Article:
Tomorrow is the day Apple will release the final version of macOS Sierra. Version 10.12 will finally be ready for anyone with a compatible Mac to download for free. So if you want to make sure you’re ready for Apple’s latest desktop OS update, follow our easy guide below.

macOS Sierra
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Is your Mac compatible with macOS Sierra?

Just as it does with iOS, Apple is always trying to improve its software with regular updates. It tries to make them compatible with as many devices as possible; however, not all devices are created equal. Some may not have the hardware capabilities for an upgrade, and it’s possible that some Macs running on OS X El Capitan are not compatible with macOS Sierra.

According to Redmond Pie, Mac’s operating El Capitan models from 2007 to the middle of 2009 will not be compatible. However, if your device is a later model, you should be fine to upgrade.

Here’s a full list of Mac compatibility:

  • MacBook from mid 2009 or later.
  • MacBookPro from mid 2010 or later.
  • MacBook Air from late 2010 or later.
  • Mac mini from mid 2010 or later.
  • iMac from late 2009 or later.
  • Mac Pro from mid 2010 or later.

If your device is listed, continue to follow this guide, but if it isn’t and you must have the very latest and can afford to, upgrade to one of the latest Mac models.

Update all applications

As a rule of thumb, the best thing to do with apps is to make sure they’re all updated. If you can do this, it will cut down on the number of compatibility issues that you run into.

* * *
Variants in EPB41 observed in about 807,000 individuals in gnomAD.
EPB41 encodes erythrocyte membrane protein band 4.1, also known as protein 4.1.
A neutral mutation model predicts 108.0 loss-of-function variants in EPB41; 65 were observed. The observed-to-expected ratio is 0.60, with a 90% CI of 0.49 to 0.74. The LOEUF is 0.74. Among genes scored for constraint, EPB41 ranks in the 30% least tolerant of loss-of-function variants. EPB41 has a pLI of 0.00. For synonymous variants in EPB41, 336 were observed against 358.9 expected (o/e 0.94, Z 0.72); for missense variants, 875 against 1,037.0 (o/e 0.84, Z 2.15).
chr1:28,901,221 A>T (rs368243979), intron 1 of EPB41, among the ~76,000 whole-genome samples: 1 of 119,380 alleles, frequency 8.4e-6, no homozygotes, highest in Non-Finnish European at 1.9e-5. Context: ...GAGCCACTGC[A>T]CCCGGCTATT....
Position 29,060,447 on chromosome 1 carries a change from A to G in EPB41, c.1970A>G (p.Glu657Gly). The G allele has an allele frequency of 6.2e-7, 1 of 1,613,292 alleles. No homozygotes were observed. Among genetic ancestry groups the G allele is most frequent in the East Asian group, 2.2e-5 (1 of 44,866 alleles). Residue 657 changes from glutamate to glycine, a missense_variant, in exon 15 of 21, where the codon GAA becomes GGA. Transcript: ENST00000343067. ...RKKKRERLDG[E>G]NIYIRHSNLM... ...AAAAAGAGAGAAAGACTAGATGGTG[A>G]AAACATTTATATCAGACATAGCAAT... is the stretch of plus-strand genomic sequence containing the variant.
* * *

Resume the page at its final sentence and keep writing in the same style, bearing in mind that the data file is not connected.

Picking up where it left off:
Updating your apps is easy. On your computer, launch the Mac App Store and choose the Updates tab. You will find it in the very top of the navigation bar. Additionally, if you have a lot of applications installed from outside of the App Store, you should update them too or use the built-in update feature to see if there are any updates available.

Free up storage space

You may feel that you have a very organized method for dealing with junk on your Mac. However, all computers have files that are no longer needed taking up valuable real estate.

Upgrading from El Capitan to macOS Sierra will require you to have at least 20GB of free storage space. So this is the perfect time for you to do some spring cleaning, delete old files, uninstall old programs, etc. You will be amazed at just how much space you can recover just by uninstalling a couple of unused programs.

Back up your data

Now upgrading to macOS Sierra should be easy; there should be no problems along the way. However, as with all software upgrades, it does not come without risk. So the best thing to do is back up what you can’t afford/wouldn’t like to lose.

Here’s how to back up via an external hard drive using Apple’s Time Machine.

Step 1: Connect your external hard drive to your Mac via USB, Thunderbold port or even Firewire.

Step 2: Next, launch Time Machine. If this is the first time you’re running the program, you will be asked to select a location to place backups. If that’s you, select the Time Machine option.

Step 3: On the left side of the Time Machine screen, look for a switch and turn it from Off to On. Now a different menu will appear; it will ask you to select a location for backups. Select the location Use Disk.

Step 4: Now the Time Machine setting will show you some information about the location you chose and a countdown to when the initial backup will start. If you prefer to have quick access to your backups, you have the choice to select Show Time Machine in Menu bar.

This first backup will likely take a long time, so be patient. However, they will become quicker after this.

Installing from scratch

If you want to install macOS Sierra from a clean slate, you will have to create a bootable USB drive. For this, you need to have a USB flash drive with a capacity of 8GB or more. Please make sure any data on the drive is backed up; it will be formatted as part of the process.

You’re ready for macOS Sierra

And that’s it; you are now ready for the update/upgrade. All you have to do now is sit back and wait for Apple to make it available to the general public.